A diagnosis of probable Alzheimer’s is devastating for someone who has been accustomed to living an independent life. It is important to provide the patient with emotional and physical support as he or she adjusts to living with this disease. Keeping the daily routine consistent and as stress free as possible is helpful. Because depression is so common in the early stages of Alzheimer’s, you should be aware of the signs of depression and seek help for the patient as soon as possible. Caring for someone with Alzheimer’s can be demanding and discouraging, especially when the loved one does not remember who you are. Your doctor or local social services agency can direct you to support services to help make this time a little easier. Also seek legal advice so it is clear who has the power to make medical and financial decisions once your loved one is no longer able to do this for him or herself. If you have a family history of Alzheimer’s disease, see your doctor for regular checkups. An early diagnosis is important, especially as the medical community learns more about this disease and its treatment. While there is no way to prevent this disease, you can lower your risk and protect yourself from many illnesses by following a healthy diet that is high in fiber and antioxidants and low in saturated fat, and participating in regular physical exercise. Performing activities that stimulate your brain on a regular basis, such as crossword puzzles, word searches, or memory games, may also help maintain mental ability longer.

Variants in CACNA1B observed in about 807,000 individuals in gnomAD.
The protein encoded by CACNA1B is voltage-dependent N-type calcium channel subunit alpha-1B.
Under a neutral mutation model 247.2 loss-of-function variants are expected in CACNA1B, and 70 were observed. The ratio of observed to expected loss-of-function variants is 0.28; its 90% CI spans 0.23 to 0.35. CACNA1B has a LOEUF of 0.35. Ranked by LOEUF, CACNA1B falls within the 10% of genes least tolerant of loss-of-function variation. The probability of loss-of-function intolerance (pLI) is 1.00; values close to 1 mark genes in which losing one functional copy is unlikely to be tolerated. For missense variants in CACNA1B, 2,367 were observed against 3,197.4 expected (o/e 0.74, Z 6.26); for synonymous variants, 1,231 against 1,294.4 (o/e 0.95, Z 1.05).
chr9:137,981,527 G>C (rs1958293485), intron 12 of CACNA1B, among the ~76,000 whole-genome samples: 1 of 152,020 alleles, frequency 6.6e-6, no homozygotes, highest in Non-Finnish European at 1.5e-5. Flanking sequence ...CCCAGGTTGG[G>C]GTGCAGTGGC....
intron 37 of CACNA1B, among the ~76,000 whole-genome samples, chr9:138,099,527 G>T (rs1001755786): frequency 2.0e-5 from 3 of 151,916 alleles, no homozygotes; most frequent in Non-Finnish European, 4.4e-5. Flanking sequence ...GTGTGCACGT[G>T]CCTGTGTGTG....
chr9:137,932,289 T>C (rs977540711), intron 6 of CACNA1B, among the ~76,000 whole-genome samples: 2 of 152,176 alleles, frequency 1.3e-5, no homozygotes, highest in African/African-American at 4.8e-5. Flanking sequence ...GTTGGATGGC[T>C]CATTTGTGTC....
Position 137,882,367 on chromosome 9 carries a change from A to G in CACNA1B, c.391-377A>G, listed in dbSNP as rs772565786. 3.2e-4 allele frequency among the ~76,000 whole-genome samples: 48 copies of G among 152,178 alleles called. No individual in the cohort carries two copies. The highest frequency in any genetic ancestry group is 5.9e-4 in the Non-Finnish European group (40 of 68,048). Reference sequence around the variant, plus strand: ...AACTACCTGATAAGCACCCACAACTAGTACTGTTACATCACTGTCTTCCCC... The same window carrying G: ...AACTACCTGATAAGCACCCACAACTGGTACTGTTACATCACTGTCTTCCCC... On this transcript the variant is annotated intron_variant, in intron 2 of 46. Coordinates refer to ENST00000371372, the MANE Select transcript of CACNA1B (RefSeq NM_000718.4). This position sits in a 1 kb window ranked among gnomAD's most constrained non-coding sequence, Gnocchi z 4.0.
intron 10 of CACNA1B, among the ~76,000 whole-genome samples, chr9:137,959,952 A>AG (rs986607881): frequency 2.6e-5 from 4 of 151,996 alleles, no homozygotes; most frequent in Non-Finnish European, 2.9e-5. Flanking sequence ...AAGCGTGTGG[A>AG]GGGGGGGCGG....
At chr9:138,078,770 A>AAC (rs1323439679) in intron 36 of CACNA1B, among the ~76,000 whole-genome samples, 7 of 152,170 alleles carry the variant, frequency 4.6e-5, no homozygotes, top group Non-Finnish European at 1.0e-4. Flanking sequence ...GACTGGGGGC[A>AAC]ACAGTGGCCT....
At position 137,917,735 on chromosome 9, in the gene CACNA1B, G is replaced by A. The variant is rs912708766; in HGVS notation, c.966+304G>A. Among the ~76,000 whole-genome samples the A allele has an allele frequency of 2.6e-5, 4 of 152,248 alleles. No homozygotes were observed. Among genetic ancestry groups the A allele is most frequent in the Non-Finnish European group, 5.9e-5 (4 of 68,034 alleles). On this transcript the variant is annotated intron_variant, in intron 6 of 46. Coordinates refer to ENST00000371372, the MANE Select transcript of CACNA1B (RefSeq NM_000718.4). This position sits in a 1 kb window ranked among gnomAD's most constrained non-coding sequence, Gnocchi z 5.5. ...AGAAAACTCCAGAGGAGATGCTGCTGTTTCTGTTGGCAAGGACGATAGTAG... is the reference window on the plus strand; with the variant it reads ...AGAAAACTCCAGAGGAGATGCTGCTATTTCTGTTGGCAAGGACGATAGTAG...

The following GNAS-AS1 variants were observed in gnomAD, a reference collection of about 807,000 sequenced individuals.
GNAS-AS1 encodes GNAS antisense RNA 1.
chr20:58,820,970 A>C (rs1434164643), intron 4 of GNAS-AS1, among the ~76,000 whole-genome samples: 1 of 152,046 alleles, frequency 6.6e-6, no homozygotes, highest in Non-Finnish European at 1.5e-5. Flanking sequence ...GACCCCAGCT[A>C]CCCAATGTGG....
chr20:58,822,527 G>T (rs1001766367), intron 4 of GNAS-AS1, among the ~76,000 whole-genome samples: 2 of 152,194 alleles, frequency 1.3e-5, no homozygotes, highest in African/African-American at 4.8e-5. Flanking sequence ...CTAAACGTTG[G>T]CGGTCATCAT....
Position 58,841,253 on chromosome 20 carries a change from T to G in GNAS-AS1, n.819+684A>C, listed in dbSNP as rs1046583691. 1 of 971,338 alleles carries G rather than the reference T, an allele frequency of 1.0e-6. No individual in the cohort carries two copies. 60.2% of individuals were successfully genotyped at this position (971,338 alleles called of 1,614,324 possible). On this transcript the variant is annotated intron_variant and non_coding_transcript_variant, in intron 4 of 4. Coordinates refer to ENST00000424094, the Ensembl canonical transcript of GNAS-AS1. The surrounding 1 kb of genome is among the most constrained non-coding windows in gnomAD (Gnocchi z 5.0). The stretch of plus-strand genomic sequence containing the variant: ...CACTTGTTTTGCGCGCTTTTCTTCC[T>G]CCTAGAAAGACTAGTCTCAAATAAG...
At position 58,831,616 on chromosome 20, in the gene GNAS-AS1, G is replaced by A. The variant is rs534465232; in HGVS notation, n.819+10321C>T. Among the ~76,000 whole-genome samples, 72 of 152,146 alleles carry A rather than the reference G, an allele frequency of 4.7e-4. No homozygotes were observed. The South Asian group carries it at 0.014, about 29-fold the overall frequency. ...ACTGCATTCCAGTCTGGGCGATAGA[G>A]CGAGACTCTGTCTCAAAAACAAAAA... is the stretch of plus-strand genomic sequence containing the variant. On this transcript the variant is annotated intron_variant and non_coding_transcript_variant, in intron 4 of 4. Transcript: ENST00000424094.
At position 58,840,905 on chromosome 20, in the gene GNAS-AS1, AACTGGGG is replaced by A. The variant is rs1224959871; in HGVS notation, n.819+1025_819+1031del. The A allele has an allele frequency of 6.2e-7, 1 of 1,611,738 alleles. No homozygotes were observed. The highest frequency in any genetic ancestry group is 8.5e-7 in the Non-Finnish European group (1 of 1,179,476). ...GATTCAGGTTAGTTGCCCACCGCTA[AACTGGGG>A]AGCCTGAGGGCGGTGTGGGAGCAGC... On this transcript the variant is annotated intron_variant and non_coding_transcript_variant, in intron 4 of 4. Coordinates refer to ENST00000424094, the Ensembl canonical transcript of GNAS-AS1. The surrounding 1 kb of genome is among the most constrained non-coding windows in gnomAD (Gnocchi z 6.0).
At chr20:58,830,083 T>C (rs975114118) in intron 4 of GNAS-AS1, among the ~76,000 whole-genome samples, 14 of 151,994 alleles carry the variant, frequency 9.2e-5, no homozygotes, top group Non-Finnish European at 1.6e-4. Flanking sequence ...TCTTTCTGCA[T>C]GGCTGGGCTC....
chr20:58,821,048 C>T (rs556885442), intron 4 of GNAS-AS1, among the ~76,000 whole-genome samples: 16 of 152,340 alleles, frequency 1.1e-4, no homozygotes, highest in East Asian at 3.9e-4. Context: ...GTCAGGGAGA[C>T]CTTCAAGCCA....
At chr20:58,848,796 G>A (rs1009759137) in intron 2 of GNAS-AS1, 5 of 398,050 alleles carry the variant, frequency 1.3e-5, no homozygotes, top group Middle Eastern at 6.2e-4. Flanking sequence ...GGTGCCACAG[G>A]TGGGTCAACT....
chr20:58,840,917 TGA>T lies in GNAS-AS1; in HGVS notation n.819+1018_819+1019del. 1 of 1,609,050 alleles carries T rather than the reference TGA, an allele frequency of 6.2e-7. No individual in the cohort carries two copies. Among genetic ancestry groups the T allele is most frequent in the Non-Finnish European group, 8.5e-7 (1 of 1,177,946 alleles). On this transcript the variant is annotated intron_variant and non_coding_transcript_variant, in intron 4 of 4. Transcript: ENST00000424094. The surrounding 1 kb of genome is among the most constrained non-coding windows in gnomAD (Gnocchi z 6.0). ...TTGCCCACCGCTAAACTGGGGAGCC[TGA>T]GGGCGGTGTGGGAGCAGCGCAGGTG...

This information has been designed as a comprehensive and quick reference guide written by our health care reviewers. The health information written by our authors is intended to be a supplement to the care provided by your physician. It is not intended nor implied to be a substitute for professional medical advice.